The ruling, if expressed accurately, could put Virgin Media into a very difficult position because the operator cannot easily be expected to apologise while also continuing to generally promote the service as a “fibre optic” product. ISPreview.co.uk has already asked Virgin Media to clarify the situation and we are awaiting their comment.

In the meantime it’s worth noting that Kennard’s particular position, with regards to the fibre optic cable not going to his nearest street cabinet, might not work for all of Virgin Media’s customers. In some areas the fibre will go to the customer’s nearest cabinet, while in other locations the situation may be different. We suspect that Virgin Media’s marketing department might have trouble ironing this one out, assuming they’re asked to do so.

The silly aspect of this is that Virgin doesn’t need to call their service “fibre optic” in order for it to be successful and continue to best the rival FTTC solutions, indeed merely calling it “cable broadband” might work in their favour from the honesty and branding point of view. But remember, this problem of marketing is by no means unique to Virgin Media, many other ISPs take the same approach.

UPDATE 11:37am

The official reply from Virgin Media, albeit somewhat dancing around Kennard’s ADR ruling, is as follows.

Emma Hutchinson, Virgin Media Spokesperson, told ISPreview.co.uk:

We are immensely proud of our fibre optic network and continue to deliver the superfast broadband speeds we promise, a fact proven time and time again by Ofcom. It is surprising someone running another ISP and a member of many industry groups was not familiar with our broadband before choosing Virgin Media services. The Advertising Standards Authority and the rest of the industry are clear our broadband is fibre optic.”

One thing we can take away from this reaction is that Virgin have no intention of giving up their “fibre optic” claim.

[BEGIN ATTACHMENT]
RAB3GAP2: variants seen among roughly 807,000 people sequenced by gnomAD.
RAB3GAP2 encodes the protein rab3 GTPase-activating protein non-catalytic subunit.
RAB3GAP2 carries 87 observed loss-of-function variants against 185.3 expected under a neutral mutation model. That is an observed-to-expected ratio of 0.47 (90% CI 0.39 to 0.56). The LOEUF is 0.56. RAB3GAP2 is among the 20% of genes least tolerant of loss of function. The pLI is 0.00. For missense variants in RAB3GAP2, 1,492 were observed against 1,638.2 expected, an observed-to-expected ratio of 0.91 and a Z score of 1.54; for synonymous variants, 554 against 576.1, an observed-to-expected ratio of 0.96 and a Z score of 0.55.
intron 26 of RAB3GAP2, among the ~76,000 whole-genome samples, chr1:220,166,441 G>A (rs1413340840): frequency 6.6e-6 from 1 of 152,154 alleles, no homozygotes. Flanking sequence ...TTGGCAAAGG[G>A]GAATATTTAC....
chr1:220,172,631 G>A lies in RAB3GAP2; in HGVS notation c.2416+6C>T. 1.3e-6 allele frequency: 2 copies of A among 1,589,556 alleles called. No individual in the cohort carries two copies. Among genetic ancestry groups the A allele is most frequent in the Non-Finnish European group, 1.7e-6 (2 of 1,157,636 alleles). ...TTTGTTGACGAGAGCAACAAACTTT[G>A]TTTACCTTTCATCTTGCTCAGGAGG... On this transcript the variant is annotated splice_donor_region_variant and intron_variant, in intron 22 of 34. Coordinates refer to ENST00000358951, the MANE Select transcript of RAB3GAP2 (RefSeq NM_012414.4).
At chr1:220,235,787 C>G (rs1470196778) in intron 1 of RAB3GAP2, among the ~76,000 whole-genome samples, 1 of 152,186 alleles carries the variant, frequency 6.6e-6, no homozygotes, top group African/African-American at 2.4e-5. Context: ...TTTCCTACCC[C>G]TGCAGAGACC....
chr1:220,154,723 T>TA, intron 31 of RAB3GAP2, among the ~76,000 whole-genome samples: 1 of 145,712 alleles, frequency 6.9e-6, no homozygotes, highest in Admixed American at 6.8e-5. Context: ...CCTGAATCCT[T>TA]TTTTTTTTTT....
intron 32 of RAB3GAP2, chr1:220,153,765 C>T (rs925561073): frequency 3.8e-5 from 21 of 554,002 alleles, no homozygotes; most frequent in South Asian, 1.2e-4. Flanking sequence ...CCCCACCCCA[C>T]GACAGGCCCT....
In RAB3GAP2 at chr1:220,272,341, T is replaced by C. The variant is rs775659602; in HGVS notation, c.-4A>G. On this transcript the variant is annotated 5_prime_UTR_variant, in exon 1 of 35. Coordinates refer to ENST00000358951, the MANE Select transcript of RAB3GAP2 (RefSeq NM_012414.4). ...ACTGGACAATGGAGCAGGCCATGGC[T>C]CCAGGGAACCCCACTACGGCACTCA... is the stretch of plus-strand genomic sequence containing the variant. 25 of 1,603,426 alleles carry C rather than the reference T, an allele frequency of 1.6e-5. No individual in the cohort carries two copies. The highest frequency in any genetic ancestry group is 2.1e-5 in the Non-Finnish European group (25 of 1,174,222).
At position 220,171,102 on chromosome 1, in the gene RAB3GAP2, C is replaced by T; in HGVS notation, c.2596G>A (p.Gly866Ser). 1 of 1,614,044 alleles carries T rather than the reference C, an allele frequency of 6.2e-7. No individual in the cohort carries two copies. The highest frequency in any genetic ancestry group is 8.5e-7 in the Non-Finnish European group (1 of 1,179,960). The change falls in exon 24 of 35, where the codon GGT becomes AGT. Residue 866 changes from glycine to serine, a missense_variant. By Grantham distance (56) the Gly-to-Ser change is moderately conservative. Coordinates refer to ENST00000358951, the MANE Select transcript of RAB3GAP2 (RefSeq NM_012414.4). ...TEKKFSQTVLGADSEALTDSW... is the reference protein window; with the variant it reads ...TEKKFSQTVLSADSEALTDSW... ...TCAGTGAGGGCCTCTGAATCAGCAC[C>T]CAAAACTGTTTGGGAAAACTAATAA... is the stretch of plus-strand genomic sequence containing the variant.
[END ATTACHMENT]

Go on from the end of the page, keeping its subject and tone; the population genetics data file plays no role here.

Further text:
UPDATE 9th October 2014

Cable operator Virgin Media has finally decided to comply with CISAS’s recommendation and apologise to Mr Kennard for its claim to offer a “fibre optic” broadband connection, although the letter is somewhat of a half apology that stealthily shifts the blame back onto the end-user.

Naturally Kennard has already written an updated summary of the recent events and has included this extract from CISAS’s ruling for context: “[CISAS is] therefore satisfied that the company’s documentation is consistent with a FTTP service as its letter is explicit in that fibre optic cables are run to a customer’s property, and its description of the fibre product on its website is wholly inconsistent with the use of copper cabling from the nearest connection point (such as the company’s cabinet).

Interestingly Virgin Media also chose not to agree with CISAS that the customer should be allowed to cancel their contract without Early Termination Charges, which we imagine might have given other customers a way out of their contracts had the recommendation been followed.

virgin_media_half_apology_letter

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By Mark Jackson
Mark is a professional technology writer, IT consultant and computer engineer from Dorset (England), he also founded ISPreview in 1999 and enjoys analysing the latest telecoms and broadband developments. Find me on Twitter, , Facebook and Linkedin.